This May Be the Worst Regulation Ever

The U.S. Department of Agriculture has created what may be the most bewildering, least cost-effective regulation ever. In July 2016, Congress passed a law mandating that all food containing genetic material that has been modified with recombinant DNA or “gene-splicing” techniques bear labels clearly identifying it as “bioengineered.” The statute acknowledged that bioengineered food is neither more nor less safe than other food, but the new rule—the National Bioengineered Food Disclosure Standard, or NBFDS—won’t help consumers understand that. It will only leave them confused.

Under the NBFDS, two identical bottles of corn oil on a supermarket shelf could be labeled differently—one as bioengineered, one not—even though both were derived from the same field and are identical in processing and quality. Both labels would comply with the regulation because the new rule doesn’t require a label “if the food does not contain detectable genetically modified material.” The NBFDS allows manufacturers to make voluntary disclosures on such products, but not that they “may contain” bioengineered ingredients.

The word “detectable” poses its own problems. Technologies will evolve and become ever more sensitive, so that a single molecule of “genetically modified material” would make a food bioengineered. This is an invitation to meritless litigation over what is “detectable.”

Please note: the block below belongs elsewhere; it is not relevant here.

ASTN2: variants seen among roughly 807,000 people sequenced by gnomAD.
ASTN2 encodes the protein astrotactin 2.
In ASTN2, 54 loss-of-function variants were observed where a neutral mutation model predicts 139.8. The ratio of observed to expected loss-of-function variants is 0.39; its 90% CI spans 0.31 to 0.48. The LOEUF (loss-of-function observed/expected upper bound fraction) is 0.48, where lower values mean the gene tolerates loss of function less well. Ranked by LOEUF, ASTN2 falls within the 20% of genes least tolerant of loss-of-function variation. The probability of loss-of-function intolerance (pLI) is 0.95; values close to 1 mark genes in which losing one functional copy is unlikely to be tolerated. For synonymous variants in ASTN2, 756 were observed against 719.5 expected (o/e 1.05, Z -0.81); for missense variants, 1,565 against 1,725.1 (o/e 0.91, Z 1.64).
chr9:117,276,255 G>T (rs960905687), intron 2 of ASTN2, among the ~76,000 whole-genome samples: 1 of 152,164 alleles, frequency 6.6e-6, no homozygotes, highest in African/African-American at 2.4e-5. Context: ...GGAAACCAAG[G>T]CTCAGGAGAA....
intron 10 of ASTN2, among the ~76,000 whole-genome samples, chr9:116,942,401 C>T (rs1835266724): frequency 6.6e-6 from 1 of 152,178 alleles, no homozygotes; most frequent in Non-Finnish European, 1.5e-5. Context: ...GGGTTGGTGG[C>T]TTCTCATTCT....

Under the 2016 statute, labels are mandatory only if the food must also bear labels administered by FDA or USDA’s Food Safety Inspection Service. Complying with the rule will require such detailed knowledge of the existing universe of food regulations that food lawyers will end up cross-eyed or wealthy—or both. Consider this gem: “Seafood, except Siluriformes (catfishes), and meats such as venison and rabbit are subject to the [Food, Drug and Cosmetic Act] (but not the Federal Meat Inspection Act). Thus, a multi-ingredient food product that contains one of these as the first ingredient would be subject to the NBFDS. A multi-ingredient product that contained one of these as the second most predominant ingredient or lower, could also require disclosure, unless the product is otherwise exempt (for example, due to the predominance of another ingredient such as chicken or beef).”

Read more of this Wall Street Journal article by Henry I. Miller and Drew L. Kershen by clicking here.